Morning Edition

Every weekday for over three decades, Morning Edition has taken listeners around the country and the world with multi-faceted stories and commentaries that inform, challenge and occasionally amuse. Morning Edition is the most listened-to news radio program in the country.

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A bi-coastal, 24-hour news operation, Morning Edition is hosted by NPR's Steve Inskeep and David Greene in Washington, D.C.; Renee Montagne at NPR West in Culver City, CA; and Sean Crawford in Springfield, IL. These hosts often get out from behind the anchor desk and travel to report on the news firsthand.

Heard regularly on Morning Edition are some of the most familiar voices including news analyst Cokie Roberts and sport commentator Frank Deford as well as the special series StoryCorps, which travels the country recording America's oral history.  The WUIS/SJ-R Business Report with Tim Landis brings it home.

Morning Edition draws on reporting from correspondents based around the world, NPR Illinois journalists, and producers and reporters in locations in the United States. This reporting is supplemented by NPR Member Station reporters across the country as well as independent producers and reporters throughout the public radio system.

Since its debut on November 5, 1979, Morning Edition has garnered broadcasting's highest honors, including the George Foster Peabody Award and the Alfred I. duPont-Columbia University Award.

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Canadian Cat Cafe Closes Temporarily

Jan 6, 2016
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Appeals Court Reverses Tattoo Shop Ruling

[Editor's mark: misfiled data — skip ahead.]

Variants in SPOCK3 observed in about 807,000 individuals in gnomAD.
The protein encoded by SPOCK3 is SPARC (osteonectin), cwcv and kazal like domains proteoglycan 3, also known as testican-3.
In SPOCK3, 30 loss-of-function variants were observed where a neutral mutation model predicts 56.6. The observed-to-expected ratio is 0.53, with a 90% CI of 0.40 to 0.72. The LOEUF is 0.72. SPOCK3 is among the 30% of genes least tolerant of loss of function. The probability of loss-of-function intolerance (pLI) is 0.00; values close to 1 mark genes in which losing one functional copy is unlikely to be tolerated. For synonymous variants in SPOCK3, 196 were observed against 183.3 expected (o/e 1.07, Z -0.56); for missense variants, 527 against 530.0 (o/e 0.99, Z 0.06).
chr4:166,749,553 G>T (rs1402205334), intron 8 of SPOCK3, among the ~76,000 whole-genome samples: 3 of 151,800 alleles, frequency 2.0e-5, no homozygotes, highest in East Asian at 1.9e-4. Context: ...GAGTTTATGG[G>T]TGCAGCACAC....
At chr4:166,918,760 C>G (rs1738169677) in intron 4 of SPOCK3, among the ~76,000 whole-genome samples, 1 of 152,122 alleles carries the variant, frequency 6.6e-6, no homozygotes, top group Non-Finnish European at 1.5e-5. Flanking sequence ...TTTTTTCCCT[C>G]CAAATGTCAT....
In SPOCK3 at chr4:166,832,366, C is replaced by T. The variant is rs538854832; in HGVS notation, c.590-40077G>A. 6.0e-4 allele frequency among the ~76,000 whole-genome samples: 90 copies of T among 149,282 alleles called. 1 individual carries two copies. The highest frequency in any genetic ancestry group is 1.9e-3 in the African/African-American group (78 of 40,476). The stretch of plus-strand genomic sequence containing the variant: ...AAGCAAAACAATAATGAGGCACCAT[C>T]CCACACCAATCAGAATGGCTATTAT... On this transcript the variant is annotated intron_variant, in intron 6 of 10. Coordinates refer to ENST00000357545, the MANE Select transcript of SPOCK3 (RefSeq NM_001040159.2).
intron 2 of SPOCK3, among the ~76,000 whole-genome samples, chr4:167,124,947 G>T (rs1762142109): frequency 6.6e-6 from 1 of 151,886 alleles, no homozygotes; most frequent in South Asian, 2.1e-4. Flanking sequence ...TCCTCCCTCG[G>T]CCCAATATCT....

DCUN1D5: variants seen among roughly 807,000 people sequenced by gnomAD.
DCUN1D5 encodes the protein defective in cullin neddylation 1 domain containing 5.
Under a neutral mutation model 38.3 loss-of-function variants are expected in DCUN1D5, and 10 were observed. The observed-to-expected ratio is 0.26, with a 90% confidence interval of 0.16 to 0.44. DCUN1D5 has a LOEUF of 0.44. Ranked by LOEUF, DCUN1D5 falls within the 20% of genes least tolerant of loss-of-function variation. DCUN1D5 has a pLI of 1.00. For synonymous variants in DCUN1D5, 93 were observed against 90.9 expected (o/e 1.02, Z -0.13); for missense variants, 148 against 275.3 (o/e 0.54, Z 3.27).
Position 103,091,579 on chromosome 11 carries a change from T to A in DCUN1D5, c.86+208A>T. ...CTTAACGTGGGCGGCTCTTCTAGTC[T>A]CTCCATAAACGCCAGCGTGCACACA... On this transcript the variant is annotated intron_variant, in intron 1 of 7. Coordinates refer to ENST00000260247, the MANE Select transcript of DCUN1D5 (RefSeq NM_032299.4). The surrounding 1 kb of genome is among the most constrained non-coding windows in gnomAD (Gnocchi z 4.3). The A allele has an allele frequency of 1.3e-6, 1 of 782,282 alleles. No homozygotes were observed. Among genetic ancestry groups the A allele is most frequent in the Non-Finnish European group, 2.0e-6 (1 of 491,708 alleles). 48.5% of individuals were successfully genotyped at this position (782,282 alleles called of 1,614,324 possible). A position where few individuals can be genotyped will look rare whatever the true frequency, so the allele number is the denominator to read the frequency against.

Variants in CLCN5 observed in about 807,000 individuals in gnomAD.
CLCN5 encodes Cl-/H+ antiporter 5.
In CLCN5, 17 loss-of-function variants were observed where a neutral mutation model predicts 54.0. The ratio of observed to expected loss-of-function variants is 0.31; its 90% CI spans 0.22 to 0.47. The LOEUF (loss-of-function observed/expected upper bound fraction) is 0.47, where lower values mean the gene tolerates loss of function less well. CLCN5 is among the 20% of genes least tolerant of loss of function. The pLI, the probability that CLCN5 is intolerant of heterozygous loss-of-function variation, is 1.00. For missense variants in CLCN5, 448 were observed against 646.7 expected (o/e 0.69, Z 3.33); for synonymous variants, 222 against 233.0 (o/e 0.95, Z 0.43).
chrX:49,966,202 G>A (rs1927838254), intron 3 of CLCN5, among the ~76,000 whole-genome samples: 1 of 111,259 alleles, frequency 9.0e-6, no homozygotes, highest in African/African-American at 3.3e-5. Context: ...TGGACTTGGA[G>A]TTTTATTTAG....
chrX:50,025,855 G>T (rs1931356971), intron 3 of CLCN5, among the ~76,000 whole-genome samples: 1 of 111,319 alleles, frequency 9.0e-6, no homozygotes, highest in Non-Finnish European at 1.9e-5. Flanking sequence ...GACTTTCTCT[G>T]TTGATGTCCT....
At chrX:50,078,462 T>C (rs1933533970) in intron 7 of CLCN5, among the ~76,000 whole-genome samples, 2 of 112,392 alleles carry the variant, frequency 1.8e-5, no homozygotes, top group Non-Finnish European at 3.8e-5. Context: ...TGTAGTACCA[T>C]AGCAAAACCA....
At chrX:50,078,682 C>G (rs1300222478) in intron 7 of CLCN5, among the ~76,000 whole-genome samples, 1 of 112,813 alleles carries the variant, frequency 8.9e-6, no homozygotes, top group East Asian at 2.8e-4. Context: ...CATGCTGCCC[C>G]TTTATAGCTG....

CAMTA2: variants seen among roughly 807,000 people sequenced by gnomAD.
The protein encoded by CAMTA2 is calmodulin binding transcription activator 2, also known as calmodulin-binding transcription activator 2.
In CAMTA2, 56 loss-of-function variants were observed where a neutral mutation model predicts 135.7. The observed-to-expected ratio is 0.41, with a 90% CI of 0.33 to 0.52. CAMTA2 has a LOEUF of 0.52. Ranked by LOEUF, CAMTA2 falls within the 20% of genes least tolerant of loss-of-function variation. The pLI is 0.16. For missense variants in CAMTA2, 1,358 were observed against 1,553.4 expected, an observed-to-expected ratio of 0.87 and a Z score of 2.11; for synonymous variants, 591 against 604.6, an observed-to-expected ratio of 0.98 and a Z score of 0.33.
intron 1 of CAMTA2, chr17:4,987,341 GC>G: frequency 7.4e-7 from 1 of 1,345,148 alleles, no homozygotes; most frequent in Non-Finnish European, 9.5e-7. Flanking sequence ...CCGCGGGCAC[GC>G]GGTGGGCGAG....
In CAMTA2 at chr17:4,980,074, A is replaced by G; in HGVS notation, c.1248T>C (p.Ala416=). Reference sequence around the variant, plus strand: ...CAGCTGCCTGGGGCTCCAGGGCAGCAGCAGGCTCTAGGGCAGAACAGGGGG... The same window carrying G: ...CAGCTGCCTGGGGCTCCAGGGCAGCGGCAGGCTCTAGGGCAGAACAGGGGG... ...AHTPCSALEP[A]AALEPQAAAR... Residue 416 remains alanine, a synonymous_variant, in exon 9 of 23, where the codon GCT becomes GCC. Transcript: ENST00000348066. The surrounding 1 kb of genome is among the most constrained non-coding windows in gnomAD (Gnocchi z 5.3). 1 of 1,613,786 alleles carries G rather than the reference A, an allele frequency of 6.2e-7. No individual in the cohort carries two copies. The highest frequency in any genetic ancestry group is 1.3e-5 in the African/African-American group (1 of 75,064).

Jan 5, 2016
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Good morning, I'm David Green. A legal case in Key West became an argument about - what else? - Jimmy Buffett lyrics. The city refused to allow a new tattoo shop, and they cited "Margaritaville" - the line about a brand-new tattoo; how it got here, I haven't a clue.

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And now let's hear about guns from a different perspective - some gun owners themselves. NPR's Eyder Peralta went to a gun shop in Virginia, where sales are up. Guns have been flying off the shelves of late as talk grows louder of new regulations.

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While most history courses start with the beginning of human civilization, roughly 10,000 years ago, Big History starts with the Big Bang. Humans don't get mentioned until halfway into the course. This is the second of three parts. Hear part 1.

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Good morning. I'm Steve Inskeep. Green Bay, Wis., kicked off the new year by parading a llama downtown. Why a llama? - you ask. Well. Mayor Jim Schmitt explained to TV station WBAY.

(SOUNDBITE OF ARCHIVED RECORDING)

The Year In Pop Music

Jan 1, 2016
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Let's talk about pop music, where the biggest story of 2015 was this.

(SOUNDBITE OF SONG, "HELLO")

ADELE: (Singing) Hello, it's me.

INSKEEP: Adele's "25" may have outsold everything, but it was not the only story. Here is NPR Music's Ann Powers and Jacob Ganz.

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The Great British Bake Off was the most popular program in Britain in 2015, and the show boasts a devout following in the U.S. [Ed. Note: If you're part of that U.S. following, be warned: We're about to discuss the most recent season, which hasn't yet aired in the U.S.]

In 2014, Charlotte Wheelock and her husband, Nick Hodges, were hoping to find a new start. Struggling to raise their two young children, they left their home in Albuquerque, N.M., and struck out for Seattle to find better jobs.

But before they could get established there, Nick was hospitalized with spinal stenosis — a condition that left him temporarily paralyzed below the waist. Soon, they found themselves without a place to live.

When a poor country is hit with a sudden catastrophe — say, an earthquake or a tsunami — the world is quick to send aid.

But a slow-moving disaster, the kind that unfolds over weeks or even months, is another story. There are no immediate, dramatic TV images, no screaming headlines.

And that means it's really tough for aid groups to raise the money needed.

Just ask John Graham. He's the head of the aid group Save the Children, and he's watching a slow-moving disaster unfold in Ethiopia as the world remains largely oblivious.

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